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Vesicle trafficking maintains nuclear shape in Saccharomyces cerevisiae during membrane proliferation.

The parameters that control nuclear size and shape are poorly understood. In yeast, unregulated membrane proliferation, caused by deletion of the phospholipid biosynthesis inhibitor SPO7, leads to a single nuclear envelope "flare" that protrudes into the cytoplasm. This flare is always associated with the asymmetrically localized nucleolus, which suggests that the site of membrane expansion is spatially confined by an unknown mechanism. Here we show that in spo7Δ cells, mutations in vesicle-trafficking genes lead to multiple flares around the entire nucleus. These mutations also alter the distribution of small nucleolar RNA-associated nucleolar proteins independently of their effect on nuclear shape. Both single- and multi-flared nuclei have increased nuclear envelope surface area, yet they maintain the same nuclear/cell volume ratio as wild-type cells. These data suggest that, upon membrane expansion, the spatial confinement of the single nuclear flare is dependent on vesicle trafficking. Moreover, flares may facilitate maintenance of a constant nuclear/cell volume ratio in the face of altered membrane proliferation.

Pubmed ID: 21135138 RIS Download

Mesh terms: Cell Membrane | Cell Nucleus | Membrane Proteins | Monomeric GTP-Binding Proteins | Nuclear Envelope | RNA, Small Nucleolar | Saccharomyces cerevisiae | Saccharomyces cerevisiae Proteins | Vesicular Transport Proteins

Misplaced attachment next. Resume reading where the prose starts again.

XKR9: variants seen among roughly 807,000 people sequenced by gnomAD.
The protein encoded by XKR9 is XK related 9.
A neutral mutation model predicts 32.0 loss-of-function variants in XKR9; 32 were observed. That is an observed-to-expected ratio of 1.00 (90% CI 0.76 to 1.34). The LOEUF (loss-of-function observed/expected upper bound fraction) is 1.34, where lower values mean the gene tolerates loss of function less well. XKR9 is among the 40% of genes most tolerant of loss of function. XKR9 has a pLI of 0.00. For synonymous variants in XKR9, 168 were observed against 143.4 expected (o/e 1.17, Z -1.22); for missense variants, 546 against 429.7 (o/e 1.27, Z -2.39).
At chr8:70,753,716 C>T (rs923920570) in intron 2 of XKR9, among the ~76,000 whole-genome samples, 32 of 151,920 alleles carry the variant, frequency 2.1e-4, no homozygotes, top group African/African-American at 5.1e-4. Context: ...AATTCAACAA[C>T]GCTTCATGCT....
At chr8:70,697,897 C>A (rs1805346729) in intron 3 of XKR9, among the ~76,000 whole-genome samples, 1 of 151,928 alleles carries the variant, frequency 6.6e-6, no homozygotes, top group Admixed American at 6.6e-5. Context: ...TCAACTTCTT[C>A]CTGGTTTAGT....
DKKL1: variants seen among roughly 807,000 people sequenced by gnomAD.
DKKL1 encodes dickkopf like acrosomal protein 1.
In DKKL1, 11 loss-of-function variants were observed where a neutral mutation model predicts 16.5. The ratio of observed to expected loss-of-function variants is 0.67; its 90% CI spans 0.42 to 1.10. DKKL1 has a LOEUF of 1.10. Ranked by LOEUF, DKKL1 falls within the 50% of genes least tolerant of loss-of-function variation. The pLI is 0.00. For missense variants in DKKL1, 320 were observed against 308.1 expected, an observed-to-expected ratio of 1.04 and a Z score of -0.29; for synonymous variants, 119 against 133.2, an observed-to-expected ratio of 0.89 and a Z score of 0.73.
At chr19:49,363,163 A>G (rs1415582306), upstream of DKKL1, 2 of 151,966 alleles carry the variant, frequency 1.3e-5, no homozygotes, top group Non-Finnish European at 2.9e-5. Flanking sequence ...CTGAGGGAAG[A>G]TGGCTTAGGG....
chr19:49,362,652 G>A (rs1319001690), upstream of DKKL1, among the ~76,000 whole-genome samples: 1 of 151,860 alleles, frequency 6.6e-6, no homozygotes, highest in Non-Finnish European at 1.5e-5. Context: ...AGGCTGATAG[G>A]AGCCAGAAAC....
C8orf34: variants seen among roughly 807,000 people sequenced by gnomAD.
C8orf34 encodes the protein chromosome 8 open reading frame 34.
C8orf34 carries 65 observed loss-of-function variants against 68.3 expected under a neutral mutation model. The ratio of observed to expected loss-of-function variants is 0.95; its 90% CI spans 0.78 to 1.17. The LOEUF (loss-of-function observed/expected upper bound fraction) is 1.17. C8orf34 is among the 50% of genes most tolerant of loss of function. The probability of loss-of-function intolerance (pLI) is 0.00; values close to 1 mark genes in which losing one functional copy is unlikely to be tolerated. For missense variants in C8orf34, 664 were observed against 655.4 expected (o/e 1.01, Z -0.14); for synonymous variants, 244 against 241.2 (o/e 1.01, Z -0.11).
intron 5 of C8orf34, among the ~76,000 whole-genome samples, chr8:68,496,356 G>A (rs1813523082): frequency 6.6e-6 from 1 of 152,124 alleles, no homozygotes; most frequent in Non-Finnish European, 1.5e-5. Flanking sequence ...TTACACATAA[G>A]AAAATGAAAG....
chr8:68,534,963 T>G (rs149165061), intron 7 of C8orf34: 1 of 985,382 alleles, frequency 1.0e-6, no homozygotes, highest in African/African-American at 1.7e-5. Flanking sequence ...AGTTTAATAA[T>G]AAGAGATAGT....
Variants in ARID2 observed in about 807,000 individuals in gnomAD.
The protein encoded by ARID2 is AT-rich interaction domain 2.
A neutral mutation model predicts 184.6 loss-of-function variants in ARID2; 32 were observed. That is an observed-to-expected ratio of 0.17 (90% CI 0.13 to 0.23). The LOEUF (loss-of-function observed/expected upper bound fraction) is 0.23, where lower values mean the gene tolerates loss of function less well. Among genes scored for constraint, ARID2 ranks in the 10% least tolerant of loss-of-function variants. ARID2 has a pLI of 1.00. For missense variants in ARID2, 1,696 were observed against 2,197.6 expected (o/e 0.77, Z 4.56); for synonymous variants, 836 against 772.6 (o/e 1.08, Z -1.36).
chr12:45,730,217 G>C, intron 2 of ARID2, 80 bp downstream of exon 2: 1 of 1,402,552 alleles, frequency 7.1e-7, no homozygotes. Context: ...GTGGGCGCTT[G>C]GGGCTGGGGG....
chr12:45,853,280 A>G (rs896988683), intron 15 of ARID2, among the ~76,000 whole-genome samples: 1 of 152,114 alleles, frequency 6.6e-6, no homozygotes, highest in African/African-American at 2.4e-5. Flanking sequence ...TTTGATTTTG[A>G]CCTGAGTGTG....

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  • Agency: Intramural NIH HHS, Id:

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SGD

A curated database that provides comprehensive integrated biological information for Saccharomyces cerevisiae along with search and analysis tools to explore these data. SGD allows researchers to discover functional relationships between sequence and gene products in fungi and higher organisms. The SGD also maintains the S. cerevisiae Gene Name Registry, a complete list of all gene names used in S. cerevisiae which includes a set of general guidelines to gene naming. Protein Page provides basic protein information calculated from the predicted sequence and contains links to a variety of secondary structure and tertiary structure resources. Yeast Biochemical Pathways allows users to view and search for biochemical reactions and pathways that occur in S. cerevisiae as well as map expression data onto the biochemical pathways. Literature citations are provided where available.

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